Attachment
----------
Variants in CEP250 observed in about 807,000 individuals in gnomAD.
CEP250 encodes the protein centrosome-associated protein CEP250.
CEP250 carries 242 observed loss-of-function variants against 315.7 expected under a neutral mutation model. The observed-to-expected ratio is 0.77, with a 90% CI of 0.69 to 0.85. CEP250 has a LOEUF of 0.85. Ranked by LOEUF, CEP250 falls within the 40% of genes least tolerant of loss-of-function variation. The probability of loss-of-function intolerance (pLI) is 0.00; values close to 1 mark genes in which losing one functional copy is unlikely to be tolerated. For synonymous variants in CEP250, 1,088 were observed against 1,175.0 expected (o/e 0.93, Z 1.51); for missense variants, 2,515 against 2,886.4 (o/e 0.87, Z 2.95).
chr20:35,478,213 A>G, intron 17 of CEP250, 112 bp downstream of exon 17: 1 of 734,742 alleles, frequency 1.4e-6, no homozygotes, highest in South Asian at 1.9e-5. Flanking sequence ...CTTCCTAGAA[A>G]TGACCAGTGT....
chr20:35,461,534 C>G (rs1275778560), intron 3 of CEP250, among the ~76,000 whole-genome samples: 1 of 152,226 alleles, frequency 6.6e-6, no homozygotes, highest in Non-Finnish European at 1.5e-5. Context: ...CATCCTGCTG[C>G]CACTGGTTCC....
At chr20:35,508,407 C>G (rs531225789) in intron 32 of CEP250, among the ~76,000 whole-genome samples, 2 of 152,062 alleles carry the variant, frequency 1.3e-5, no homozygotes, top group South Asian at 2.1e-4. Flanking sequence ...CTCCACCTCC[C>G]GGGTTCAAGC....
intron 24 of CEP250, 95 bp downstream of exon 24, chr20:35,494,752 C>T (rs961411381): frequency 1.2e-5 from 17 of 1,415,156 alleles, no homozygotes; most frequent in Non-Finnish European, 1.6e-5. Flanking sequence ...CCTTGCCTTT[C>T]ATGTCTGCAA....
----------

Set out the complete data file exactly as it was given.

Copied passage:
Variants in CEP250 observed in about 807,000 individuals in gnomAD.
CEP250 encodes the protein centrosome-associated protein CEP250.
CEP250 carries 242 observed loss-of-function variants against 315.7 expected under a neutral mutation model. The observed-to-expected ratio is 0.77, with a 90% CI of 0.69 to 0.85. CEP250 has a LOEUF of 0.85. Ranked by LOEUF, CEP250 falls within the 40% of genes least tolerant of loss-of-function variation. The probability of loss-of-function intolerance (pLI) is 0.00; values close to 1 mark genes in which losing one functional copy is unlikely to be tolerated. For synonymous variants in CEP250, 1,088 were observed against 1,175.0 expected (o/e 0.93, Z 1.51); for missense variants, 2,515 against 2,886.4 (o/e 0.87, Z 2.95).
chr20:35,478,213 A>G, intron 17 of CEP250, 112 bp downstream of exon 17: 1 of 734,742 alleles, frequency 1.4e-6, no homozygotes, highest in South Asian at 1.9e-5. Flanking sequence ...CTTCCTAGAA[A>G]TGACCAGTGT....
chr20:35,461,534 C>G (rs1275778560), intron 3 of CEP250, among the ~76,000 whole-genome samples: 1 of 152,226 alleles, frequency 6.6e-6, no homozygotes, highest in Non-Finnish European at 1.5e-5. Context: ...CATCCTGCTG[C>G]CACTGGTTCC....
At chr20:35,508,407 C>G (rs531225789) in intron 32 of CEP250, among the ~76,000 whole-genome samples, 2 of 152,062 alleles carry the variant, frequency 1.3e-5, no homozygotes, top group South Asian at 2.1e-4. Flanking sequence ...CTCCACCTCC[C>G]GGGTTCAAGC....
intron 24 of CEP250, 95 bp downstream of exon 24, chr20:35,494,752 C>T (rs961411381): frequency 1.2e-5 from 17 of 1,415,156 alleles, no homozygotes; most frequent in Non-Finnish European, 1.6e-5. Flanking sequence ...CCTTGCCTTT[C>T]ATGTCTGCAA....